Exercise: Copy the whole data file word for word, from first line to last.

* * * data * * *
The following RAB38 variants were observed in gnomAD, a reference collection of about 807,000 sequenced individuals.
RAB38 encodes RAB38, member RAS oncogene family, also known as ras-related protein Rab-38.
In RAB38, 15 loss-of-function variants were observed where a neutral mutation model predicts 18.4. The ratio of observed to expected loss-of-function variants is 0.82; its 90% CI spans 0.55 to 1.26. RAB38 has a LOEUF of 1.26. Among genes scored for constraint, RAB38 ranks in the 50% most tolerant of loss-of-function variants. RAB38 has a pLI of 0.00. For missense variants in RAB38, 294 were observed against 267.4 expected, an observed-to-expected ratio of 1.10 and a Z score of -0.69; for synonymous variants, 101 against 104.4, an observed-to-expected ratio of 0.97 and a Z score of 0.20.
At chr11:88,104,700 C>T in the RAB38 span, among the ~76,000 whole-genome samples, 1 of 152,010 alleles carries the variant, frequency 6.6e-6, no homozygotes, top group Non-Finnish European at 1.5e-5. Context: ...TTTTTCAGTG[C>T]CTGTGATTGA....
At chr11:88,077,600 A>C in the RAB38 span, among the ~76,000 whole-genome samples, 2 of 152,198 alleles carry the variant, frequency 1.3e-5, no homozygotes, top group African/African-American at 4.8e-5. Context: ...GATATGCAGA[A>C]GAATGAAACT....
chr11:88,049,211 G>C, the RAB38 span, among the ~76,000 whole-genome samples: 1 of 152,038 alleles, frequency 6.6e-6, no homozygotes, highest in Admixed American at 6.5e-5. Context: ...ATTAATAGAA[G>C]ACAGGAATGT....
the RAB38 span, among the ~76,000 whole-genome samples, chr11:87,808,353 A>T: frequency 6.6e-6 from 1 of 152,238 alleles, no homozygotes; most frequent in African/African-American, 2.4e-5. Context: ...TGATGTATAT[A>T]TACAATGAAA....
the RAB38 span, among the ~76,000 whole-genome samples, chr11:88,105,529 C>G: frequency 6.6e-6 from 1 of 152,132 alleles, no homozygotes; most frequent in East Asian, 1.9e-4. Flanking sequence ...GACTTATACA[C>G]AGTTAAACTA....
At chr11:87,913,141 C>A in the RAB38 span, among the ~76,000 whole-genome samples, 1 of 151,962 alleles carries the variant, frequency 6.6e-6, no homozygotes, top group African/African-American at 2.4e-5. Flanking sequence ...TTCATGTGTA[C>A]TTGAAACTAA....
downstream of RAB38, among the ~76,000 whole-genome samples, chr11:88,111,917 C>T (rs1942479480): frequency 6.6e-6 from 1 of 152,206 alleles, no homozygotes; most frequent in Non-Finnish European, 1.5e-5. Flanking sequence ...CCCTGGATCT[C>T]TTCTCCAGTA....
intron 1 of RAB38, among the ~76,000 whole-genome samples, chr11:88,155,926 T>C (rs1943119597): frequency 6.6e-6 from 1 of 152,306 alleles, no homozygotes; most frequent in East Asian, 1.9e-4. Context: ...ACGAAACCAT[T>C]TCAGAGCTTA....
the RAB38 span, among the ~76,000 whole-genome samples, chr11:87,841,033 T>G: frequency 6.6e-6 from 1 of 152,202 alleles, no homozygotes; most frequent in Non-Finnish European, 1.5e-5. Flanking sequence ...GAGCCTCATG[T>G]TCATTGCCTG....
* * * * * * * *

The following RAB38 variants were observed in gnomAD, a reference collection of about 807,000 sequenced individuals.
RAB38 encodes RAB38, member RAS oncogene family, also known as ras-related protein Rab-38.
In RAB38, 15 loss-of-function variants were observed where a neutral mutation model predicts 18.4. The ratio of observed to expected loss-of-function variants is 0.82; its 90% CI spans 0.55 to 1.26. RAB38 has a LOEUF of 1.26. Among genes scored for constraint, RAB38 ranks in the 50% most tolerant of loss-of-function variants. RAB38 has a pLI of 0.00. For missense variants in RAB38, 294 were observed against 267.4 expected, an observed-to-expected ratio of 1.10 and a Z score of -0.69; for synonymous variants, 101 against 104.4, an observed-to-expected ratio of 0.97 and a Z score of 0.20.
At chr11:88,104,700 C>T in the RAB38 span, among the ~76,000 whole-genome samples, 1 of 152,010 alleles carries the variant, frequency 6.6e-6, no homozygotes, top group Non-Finnish European at 1.5e-5. Context: ...TTTTTCAGTG[C>T]CTGTGATTGA....
At chr11:88,077,600 A>C in the RAB38 span, among the ~76,000 whole-genome samples, 2 of 152,198 alleles carry the variant, frequency 1.3e-5, no homozygotes, top group African/African-American at 4.8e-5. Context: ...GATATGCAGA[A>C]GAATGAAACT....
chr11:88,049,211 G>C, the RAB38 span, among the ~76,000 whole-genome samples: 1 of 152,038 alleles, frequency 6.6e-6, no homozygotes, highest in Admixed American at 6.5e-5. Context: ...ATTAATAGAA[G>C]ACAGGAATGT....
the RAB38 span, among the ~76,000 whole-genome samples, chr11:87,808,353 A>T: frequency 6.6e-6 from 1 of 152,238 alleles, no homozygotes; most frequent in African/African-American, 2.4e-5. Context: ...TGATGTATAT[A>T]TACAATGAAA....
the RAB38 span, among the ~76,000 whole-genome samples, chr11:88,105,529 C>G: frequency 6.6e-6 from 1 of 152,132 alleles, no homozygotes; most frequent in East Asian, 1.9e-4. Flanking sequence ...GACTTATACA[C>G]AGTTAAACTA....
At chr11:87,913,141 C>A in the RAB38 span, among the ~76,000 whole-genome samples, 1 of 151,962 alleles carries the variant, frequency 6.6e-6, no homozygotes, top group African/African-American at 2.4e-5. Flanking sequence ...TTCATGTGTA[C>A]TTGAAACTAA....
downstream of RAB38, among the ~76,000 whole-genome samples, chr11:88,111,917 C>T (rs1942479480): frequency 6.6e-6 from 1 of 152,206 alleles, no homozygotes; most frequent in Non-Finnish European, 1.5e-5. Flanking sequence ...CCCTGGATCT[C>T]TTCTCCAGTA....
intron 1 of RAB38, among the ~76,000 whole-genome samples, chr11:88,155,926 T>C (rs1943119597): frequency 6.6e-6 from 1 of 152,306 alleles, no homozygotes; most frequent in East Asian, 1.9e-4. Context: ...ACGAAACCAT[T>C]TCAGAGCTTA....
the RAB38 span, among the ~76,000 whole-genome samples, chr11:87,841,033 T>G: frequency 6.6e-6 from 1 of 152,202 alleles, no homozygotes; most frequent in Non-Finnish European, 1.5e-5. Flanking sequence ...GAGCCTCATG[T>G]TCATTGCCTG....